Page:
Report shows city reducing waste impact


SOLEDAD — Tri-Cities Disposal is reporting that the City of Soledad is making a difference in reducing its environmental impact by having a 69 percent diversion rate for recycling, trash and yard waste.

Elia Zavala, contracts and grants analyst for Salinas Valley Recycles, spoke about the Tri-Cities Disposal collection data for 2016 concerning the City of Soledad at the city council meeting Nov. 1.

The State of California has a diversion goal of 75 percent by 2020. Tri-Cities is the hauler disposal and recycling as well as providing education through outreach efforts. The City of Soledad makes up approximately 50 percent of the Tri-Cities Disposal service population area of approximately 51,500.

"In 2016 Tri-Cities collected over 17,000 tons of material, the city of Soledad contributed over 6,000 tons," said Zavala. "The diversion rate for residential is 43 percent and Tri-Cities overall diversion rate is 42 percent for residential. This is really good."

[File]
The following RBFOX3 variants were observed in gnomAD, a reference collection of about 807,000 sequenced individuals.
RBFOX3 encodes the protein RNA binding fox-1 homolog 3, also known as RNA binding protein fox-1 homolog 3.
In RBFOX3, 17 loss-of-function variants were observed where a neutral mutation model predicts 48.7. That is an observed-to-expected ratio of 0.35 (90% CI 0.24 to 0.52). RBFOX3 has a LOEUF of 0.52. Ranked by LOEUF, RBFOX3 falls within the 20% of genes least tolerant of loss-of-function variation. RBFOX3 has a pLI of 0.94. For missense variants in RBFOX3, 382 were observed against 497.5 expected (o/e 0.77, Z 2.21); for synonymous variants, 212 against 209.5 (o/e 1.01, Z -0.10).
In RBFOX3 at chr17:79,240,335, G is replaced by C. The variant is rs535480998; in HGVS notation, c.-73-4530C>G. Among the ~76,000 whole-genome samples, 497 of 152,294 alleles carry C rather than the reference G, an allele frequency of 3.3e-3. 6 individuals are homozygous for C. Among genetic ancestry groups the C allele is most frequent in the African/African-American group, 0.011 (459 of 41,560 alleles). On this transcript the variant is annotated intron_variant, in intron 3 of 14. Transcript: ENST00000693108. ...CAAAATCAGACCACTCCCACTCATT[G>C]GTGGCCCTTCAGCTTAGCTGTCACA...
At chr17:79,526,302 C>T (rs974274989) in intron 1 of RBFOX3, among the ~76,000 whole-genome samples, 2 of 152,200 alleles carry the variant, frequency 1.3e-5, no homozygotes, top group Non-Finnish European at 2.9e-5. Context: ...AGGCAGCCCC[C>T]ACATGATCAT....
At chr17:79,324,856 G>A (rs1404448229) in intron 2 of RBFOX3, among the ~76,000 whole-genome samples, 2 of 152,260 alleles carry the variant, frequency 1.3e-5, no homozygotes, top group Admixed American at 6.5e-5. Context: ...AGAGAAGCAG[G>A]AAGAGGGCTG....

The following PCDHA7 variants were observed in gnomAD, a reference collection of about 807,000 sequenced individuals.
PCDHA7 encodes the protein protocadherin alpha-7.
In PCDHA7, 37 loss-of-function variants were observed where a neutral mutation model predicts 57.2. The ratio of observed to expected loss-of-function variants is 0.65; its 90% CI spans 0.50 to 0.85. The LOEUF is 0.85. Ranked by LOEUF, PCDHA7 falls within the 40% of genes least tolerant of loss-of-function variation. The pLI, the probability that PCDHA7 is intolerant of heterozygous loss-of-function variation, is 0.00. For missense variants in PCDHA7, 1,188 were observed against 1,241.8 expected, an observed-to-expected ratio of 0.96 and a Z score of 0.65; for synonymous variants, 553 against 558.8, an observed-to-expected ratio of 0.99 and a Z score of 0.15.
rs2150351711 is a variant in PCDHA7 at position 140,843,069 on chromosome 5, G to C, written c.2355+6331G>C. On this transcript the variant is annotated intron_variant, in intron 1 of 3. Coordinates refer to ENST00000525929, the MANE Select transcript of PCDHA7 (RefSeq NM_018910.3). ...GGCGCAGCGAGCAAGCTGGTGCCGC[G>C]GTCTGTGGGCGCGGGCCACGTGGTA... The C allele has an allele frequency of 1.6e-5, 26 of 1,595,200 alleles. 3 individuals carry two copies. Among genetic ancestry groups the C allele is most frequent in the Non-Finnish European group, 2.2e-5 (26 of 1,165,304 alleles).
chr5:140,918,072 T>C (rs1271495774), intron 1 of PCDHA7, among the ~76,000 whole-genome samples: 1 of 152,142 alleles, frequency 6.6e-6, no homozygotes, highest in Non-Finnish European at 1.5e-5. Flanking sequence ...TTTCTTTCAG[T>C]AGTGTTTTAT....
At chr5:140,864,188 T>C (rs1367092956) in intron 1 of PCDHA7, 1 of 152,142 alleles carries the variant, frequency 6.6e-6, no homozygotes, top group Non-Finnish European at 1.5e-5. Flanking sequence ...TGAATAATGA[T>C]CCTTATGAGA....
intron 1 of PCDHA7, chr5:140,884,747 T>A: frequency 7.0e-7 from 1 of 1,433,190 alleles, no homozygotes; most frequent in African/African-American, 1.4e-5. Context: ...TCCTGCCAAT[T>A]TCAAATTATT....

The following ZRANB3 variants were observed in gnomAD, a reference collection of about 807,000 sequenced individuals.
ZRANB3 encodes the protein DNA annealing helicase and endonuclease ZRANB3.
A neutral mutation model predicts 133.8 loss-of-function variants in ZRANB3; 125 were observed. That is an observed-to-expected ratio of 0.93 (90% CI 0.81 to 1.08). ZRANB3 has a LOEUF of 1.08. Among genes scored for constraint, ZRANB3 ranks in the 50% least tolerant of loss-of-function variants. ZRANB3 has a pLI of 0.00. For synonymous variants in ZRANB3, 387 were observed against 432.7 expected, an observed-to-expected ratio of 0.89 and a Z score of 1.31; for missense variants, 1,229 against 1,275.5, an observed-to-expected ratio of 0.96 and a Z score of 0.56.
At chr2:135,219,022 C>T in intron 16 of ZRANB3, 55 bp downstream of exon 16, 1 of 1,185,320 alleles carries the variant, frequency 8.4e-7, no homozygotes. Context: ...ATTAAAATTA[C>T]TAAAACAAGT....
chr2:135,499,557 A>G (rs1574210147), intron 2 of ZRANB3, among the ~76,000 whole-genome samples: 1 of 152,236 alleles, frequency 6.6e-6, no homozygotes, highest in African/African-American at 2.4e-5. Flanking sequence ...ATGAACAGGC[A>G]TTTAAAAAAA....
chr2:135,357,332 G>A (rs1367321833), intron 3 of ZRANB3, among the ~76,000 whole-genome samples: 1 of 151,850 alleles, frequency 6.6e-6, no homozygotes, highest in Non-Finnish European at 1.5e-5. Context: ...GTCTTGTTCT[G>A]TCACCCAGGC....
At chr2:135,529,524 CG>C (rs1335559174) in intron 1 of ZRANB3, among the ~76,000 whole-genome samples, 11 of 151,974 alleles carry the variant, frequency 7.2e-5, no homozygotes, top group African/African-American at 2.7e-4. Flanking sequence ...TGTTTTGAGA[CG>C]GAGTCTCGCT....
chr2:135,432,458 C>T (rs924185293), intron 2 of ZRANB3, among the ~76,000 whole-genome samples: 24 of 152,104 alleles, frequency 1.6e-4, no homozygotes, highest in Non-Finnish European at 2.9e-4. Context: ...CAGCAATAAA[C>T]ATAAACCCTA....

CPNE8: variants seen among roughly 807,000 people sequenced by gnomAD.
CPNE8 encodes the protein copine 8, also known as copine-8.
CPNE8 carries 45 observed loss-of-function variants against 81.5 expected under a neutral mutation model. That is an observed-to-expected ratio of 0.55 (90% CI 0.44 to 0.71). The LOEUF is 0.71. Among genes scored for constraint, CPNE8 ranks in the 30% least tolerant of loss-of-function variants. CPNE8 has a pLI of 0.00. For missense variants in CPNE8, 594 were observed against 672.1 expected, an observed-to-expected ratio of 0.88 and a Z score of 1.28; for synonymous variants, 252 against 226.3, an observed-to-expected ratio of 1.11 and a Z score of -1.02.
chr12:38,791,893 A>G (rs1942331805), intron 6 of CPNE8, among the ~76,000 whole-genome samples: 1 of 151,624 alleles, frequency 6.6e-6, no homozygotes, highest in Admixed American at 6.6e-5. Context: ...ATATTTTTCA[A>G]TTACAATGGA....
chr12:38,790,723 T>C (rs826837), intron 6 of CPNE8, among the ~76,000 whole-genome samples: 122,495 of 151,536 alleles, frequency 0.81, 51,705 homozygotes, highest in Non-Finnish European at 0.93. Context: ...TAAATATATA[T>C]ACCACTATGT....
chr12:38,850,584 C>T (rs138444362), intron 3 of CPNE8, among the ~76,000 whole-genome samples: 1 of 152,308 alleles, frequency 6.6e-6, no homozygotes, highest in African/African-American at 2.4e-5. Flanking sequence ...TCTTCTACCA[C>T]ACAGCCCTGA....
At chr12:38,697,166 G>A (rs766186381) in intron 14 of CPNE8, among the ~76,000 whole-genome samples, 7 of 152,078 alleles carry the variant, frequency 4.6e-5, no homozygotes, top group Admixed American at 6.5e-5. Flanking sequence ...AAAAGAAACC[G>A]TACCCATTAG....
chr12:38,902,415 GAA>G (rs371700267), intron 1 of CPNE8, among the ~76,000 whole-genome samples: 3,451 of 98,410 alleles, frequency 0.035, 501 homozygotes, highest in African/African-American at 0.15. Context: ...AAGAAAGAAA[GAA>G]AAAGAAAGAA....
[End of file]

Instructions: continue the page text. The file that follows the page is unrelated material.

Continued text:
There was a 6 percent increase in recycling in comparison to 2015 and yard waste increased by 21 percent from 2015. Trash collected saw 1 percent increase. Tri-Cities Disposal increased its Soledad service base by 15 more residential customers in 2016.

For the commercial sector, Tri-Cities collected over 15,000 tons and the city of Soledad contributed almost 4,000 tons. Soledad's commercial diversion rate was 16 percent and Tri-Cities overall 20 percent.

"Businesses are not required to recycle through the hauler," said Zavala. "They can do their own hauling services, so most of the businesses do have recycling programs but they are not reflected in the hauler’s reports."

In comparison with 2015 data, the commercial sector had a 16 percent increase in recycling. A decrease in yard waste collection with 2 percent. Trash collected increased by 8 percent.

"The increases in collected tonages in recycling and trash are an indication of economic improvements and an increase in commercial development," said Zavala.

The Commercial sector had 11 more commercial customers who were served by Tri-Cities Disposal in 2016.

Tri-Cities Disposal received a grant this year to develop a composting operating for $1.7 million and purchasing a de-packaging system to help the agricultural industry to divert the bagged produce.

The data provided by Tri-Cities does not include self haul, donations or other recycle or reuse efforts by resident or commercial businesses.


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